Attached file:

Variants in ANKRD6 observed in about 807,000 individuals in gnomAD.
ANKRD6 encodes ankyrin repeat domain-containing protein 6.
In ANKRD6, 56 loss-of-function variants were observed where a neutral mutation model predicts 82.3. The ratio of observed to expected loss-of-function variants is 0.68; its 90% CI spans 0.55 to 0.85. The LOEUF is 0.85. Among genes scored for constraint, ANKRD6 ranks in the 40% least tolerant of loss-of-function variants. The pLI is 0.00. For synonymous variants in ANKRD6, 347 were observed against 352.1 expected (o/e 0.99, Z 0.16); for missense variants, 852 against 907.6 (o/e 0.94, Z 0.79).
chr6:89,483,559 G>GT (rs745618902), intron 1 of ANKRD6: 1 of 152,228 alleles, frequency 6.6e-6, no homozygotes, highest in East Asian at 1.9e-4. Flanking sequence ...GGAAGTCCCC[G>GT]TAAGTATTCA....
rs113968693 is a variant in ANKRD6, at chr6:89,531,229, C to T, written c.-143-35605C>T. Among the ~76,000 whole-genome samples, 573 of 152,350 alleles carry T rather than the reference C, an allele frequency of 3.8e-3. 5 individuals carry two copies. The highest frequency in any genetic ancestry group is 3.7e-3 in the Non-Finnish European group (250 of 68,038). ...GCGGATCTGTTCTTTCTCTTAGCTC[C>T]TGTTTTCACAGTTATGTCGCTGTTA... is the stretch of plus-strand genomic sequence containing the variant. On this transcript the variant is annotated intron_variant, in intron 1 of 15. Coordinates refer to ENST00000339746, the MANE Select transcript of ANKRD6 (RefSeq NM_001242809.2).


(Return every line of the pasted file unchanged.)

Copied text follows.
Variants in ANKRD6 observed in about 807,000 individuals in gnomAD.
ANKRD6 encodes ankyrin repeat domain-containing protein 6.
In ANKRD6, 56 loss-of-function variants were observed where a neutral mutation model predicts 82.3. The ratio of observed to expected loss-of-function variants is 0.68; its 90% CI spans 0.55 to 0.85. The LOEUF is 0.85. Among genes scored for constraint, ANKRD6 ranks in the 40% least tolerant of loss-of-function variants. The pLI is 0.00. For synonymous variants in ANKRD6, 347 were observed against 352.1 expected (o/e 0.99, Z 0.16); for missense variants, 852 against 907.6 (o/e 0.94, Z 0.79).
chr6:89,483,559 G>GT (rs745618902), intron 1 of ANKRD6: 1 of 152,228 alleles, frequency 6.6e-6, no homozygotes, highest in East Asian at 1.9e-4. Flanking sequence ...GGAAGTCCCC[G>GT]TAAGTATTCA....
rs113968693 is a variant in ANKRD6, at chr6:89,531,229, C to T, written c.-143-35605C>T. Among the ~76,000 whole-genome samples, 573 of 152,350 alleles carry T rather than the reference C, an allele frequency of 3.8e-3. 5 individuals carry two copies. The highest frequency in any genetic ancestry group is 3.7e-3 in the Non-Finnish European group (250 of 68,038). ...GCGGATCTGTTCTTTCTCTTAGCTC[C>T]TGTTTTCACAGTTATGTCGCTGTTA... is the stretch of plus-strand genomic sequence containing the variant. On this transcript the variant is annotated intron_variant, in intron 1 of 15. Coordinates refer to ENST00000339746, the MANE Select transcript of ANKRD6 (RefSeq NM_001242809.2).